They definitely didn't rise quite as much as cake mix usually does. I decided to try it from scratch rather than using a mix because the directions on the egg replacer said that it works better that way. Who knows? One website suggested that when cooking with this replacer, you really need to use cake flour, because it's so much lighter than all purpose. I didn't have any on hand, but may try that out. The cake itself tasted okay -- pretty dense, not fluffy. J. compared it to the taste of pancake batter. Nice.

Anyway, verdict is, I won't be using this recipe to make O's birthday cake. He deserves a real cake for Dinosaur Land. Instead, I'm planning to whip up a additional batch of cupcakes for N. to eat on that day. I think I'll decorate them with pretty icing in honor of my mom's birthday, which we'll also be celebrating this weekend.

I'll use a mix from Cherrybrook Kitchens, which is a company that makes allergen free baking products. All of their things are egg and nut free, and they even make some gluten free products. They're expensive, and the cake mix only makes enough for one layer, so I don't see this as an all the time alternative, but they do seem to taste good. I made some muffins from one of their mixes, and I thought they were delicious. So did N. However, O. did not like them because, get this: they had chocolate chips in them. You tell me, what kid doesn't like chocolate chips? Mine.

The most recent of our egg-free baking happened yesterday when I resurrected a recipe I hadn't done in a while, though I'm not sure why. You simply mix a box of cake mix and a can of pumpkin, plop that into muffin cups (I used cupcake liners because they get pretty mushy and seem to come out better that way) and you have a relatively healthy snack/dessert. I added a little water this time to make them easier to mix, but I'm not sure you even need it. Ours were chocolate this time, but I've heard if you mix them with a spice cake mix they taste a lot like pumpkin pie. I would say the end result is less like cake, more like a brownie, but not as dense. They're pretty yummy, though, and the kids enjoyed helping make them. Word to the wise, though. The batter is super sticky, and not so fun to remove from the fronts of your cabinets after your 19 month old smears a palmful across them.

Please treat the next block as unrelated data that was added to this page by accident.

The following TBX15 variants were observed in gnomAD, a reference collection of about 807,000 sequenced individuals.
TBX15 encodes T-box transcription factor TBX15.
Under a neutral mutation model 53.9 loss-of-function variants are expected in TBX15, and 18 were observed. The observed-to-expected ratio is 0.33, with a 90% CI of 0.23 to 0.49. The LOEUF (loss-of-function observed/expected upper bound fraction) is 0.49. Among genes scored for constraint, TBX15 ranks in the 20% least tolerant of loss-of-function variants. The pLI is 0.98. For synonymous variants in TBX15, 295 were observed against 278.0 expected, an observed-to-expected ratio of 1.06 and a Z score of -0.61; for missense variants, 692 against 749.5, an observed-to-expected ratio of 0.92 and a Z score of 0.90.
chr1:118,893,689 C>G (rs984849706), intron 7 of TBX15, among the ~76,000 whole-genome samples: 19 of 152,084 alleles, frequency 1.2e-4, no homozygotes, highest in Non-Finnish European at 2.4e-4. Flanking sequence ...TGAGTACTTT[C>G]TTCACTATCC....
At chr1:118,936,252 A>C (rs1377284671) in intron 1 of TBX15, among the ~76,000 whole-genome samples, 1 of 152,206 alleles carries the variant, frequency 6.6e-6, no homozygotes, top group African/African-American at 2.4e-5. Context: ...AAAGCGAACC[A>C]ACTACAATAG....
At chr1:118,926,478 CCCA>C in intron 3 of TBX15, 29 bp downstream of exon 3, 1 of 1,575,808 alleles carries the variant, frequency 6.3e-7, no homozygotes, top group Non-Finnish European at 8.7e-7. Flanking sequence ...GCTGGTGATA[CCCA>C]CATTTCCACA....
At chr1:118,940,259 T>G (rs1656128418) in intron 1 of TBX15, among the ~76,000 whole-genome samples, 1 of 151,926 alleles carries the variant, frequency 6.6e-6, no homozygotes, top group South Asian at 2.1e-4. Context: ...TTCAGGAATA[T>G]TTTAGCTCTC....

So there you have it: our foray into eggless baking. Going pretty well so far. I'd say the only place I'm truly missing them is in french toast, which had been on my standard rotation of meals to throw together when J. was traveling, one I knew for sure both kids would eat. I don't really see how I can make that without eggs, but I'm willing to hear any and all suggestions on that front, or on any baking/cooking experiments you've tried lately.


Bailey said...

I recently came across a site called It has a recipes section that is for dairy free recipes but also has dairy free + egg free, vegan, soy free, etc.

mep said...

I really enjoyed this post and learned some stuff too!

I will vouch that spice cake mix and solid pack pumpkin make a delicious combination. I have added diced apples and dried cranberries to this concoction with pleasant results. It does kind of suck dealing with the sticky batter, but the end result is good, I think.

I'd love to read more posts on these culinary adventures.

CaraBee said...

Interesting! I always take recipes to be gospel and fear for disaster if I modify them in any way. You might say I am a timid chef. I have tried substituting applesauce for eggs in cake. I would not have known the difference if no one had told me.

I am definitely going to try the pumpkin and cake mix! I'll probably follow MEP's suggestion and mix in some apples and cranberries, two of my favorite things.